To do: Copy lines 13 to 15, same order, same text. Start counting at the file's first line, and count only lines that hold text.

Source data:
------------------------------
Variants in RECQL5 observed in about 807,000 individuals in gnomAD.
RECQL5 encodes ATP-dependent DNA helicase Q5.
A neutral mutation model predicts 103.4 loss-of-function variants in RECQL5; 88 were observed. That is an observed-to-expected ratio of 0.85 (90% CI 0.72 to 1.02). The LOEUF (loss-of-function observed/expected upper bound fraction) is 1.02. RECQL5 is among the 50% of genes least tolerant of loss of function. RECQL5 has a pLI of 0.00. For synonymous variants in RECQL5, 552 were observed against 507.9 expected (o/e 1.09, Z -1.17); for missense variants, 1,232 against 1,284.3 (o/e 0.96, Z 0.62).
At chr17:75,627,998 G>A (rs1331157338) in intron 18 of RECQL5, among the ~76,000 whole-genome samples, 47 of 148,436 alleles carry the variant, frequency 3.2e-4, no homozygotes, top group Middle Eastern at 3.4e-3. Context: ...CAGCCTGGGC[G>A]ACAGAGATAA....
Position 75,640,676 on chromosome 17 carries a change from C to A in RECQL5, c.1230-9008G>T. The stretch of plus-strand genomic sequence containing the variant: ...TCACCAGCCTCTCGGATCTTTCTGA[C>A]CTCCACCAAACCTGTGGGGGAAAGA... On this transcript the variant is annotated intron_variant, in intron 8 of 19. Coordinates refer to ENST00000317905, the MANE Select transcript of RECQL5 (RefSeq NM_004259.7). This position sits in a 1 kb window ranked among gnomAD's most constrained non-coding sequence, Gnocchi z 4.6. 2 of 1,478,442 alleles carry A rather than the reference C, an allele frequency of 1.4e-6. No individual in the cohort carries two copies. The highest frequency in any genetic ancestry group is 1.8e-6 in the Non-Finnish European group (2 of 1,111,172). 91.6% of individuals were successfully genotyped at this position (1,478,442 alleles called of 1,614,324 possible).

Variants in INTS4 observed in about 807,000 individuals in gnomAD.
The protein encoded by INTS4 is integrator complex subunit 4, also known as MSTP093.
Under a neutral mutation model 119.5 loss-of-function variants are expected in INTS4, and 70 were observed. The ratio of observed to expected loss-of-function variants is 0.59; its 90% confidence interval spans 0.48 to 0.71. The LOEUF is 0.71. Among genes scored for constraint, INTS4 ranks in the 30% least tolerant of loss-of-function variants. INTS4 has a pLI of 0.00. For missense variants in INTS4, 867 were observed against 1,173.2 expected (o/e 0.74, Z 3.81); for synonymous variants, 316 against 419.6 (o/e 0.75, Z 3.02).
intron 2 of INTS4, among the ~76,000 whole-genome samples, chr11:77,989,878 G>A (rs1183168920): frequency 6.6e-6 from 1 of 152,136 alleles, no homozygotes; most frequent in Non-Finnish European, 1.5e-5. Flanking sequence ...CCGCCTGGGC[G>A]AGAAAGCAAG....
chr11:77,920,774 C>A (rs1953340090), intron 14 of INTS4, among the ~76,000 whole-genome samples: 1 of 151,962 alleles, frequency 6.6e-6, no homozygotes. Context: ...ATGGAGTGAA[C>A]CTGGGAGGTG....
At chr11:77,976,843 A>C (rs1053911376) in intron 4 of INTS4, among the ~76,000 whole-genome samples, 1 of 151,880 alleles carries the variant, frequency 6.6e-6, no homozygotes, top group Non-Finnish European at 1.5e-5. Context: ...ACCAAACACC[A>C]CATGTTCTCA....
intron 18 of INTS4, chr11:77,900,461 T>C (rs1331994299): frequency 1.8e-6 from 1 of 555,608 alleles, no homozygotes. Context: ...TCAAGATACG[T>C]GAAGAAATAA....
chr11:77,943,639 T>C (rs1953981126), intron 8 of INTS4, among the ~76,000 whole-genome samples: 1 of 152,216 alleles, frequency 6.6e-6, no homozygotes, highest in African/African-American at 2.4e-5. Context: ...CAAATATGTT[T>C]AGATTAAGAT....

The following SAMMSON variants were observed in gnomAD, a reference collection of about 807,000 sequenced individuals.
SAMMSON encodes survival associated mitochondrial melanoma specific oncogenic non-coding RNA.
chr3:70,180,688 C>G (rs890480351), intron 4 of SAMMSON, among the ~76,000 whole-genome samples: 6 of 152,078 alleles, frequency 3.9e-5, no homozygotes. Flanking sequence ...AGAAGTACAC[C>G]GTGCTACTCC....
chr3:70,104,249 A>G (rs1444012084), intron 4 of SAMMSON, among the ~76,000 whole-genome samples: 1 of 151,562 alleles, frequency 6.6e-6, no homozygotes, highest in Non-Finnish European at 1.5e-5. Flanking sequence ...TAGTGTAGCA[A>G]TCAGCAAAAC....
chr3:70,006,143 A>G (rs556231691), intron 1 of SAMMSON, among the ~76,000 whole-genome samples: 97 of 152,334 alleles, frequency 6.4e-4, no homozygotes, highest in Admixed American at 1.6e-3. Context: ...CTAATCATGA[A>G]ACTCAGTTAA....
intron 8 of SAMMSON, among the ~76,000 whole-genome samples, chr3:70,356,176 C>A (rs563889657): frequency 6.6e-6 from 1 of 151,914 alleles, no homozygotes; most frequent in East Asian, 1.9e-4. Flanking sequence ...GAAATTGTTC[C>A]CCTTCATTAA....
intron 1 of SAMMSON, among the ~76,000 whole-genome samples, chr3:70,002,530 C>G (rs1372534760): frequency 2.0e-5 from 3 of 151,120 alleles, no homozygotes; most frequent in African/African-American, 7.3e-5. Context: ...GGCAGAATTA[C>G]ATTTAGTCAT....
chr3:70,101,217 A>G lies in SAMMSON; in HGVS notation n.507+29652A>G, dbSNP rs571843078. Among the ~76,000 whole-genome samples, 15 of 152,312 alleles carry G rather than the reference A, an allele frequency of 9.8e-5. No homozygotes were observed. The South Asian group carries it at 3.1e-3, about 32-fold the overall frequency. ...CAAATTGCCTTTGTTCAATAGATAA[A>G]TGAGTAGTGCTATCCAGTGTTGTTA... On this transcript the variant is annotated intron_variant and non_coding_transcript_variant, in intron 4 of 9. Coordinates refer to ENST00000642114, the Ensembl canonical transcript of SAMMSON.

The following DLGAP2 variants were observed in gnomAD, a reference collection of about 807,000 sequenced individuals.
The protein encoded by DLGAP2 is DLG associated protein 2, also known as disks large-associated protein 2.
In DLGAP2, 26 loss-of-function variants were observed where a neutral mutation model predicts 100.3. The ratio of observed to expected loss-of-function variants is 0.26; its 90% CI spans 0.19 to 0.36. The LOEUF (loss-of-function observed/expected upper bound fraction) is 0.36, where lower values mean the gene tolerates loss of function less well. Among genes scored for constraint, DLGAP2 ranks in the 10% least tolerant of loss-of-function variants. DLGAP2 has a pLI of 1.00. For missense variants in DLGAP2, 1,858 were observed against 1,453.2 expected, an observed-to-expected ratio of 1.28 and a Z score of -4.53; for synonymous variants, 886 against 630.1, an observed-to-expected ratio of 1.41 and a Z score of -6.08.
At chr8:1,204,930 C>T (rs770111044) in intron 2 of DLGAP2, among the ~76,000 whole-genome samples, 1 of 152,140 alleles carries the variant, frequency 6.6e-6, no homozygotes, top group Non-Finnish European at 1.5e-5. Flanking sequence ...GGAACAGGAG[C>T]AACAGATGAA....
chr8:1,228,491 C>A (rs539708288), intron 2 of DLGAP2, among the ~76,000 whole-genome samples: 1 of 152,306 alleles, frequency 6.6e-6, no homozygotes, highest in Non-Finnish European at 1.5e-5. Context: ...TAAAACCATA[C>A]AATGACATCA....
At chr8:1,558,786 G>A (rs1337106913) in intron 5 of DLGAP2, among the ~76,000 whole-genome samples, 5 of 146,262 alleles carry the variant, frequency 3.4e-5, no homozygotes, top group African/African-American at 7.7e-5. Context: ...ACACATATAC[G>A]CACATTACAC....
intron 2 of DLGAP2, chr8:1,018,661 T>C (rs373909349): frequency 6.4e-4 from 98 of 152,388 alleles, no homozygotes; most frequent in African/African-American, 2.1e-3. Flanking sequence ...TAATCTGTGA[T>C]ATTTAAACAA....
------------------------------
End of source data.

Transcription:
chr11:77,943,639 T>C (rs1953981126), intron 8 of INTS4, among the ~76,000 whole-genome samples: 1 of 152,216 alleles, frequency 6.6e-6, no homozygotes, highest in African/African-American at 2.4e-5. Context: ...CAAATATGTT[T>C]AGATTAAGAT....

The following SAMMSON variants were observed in gnomAD, a reference collection of about 807,000 sequenced individuals.
SAMMSON encodes survival associated mitochondrial melanoma specific oncogenic non-coding RNA.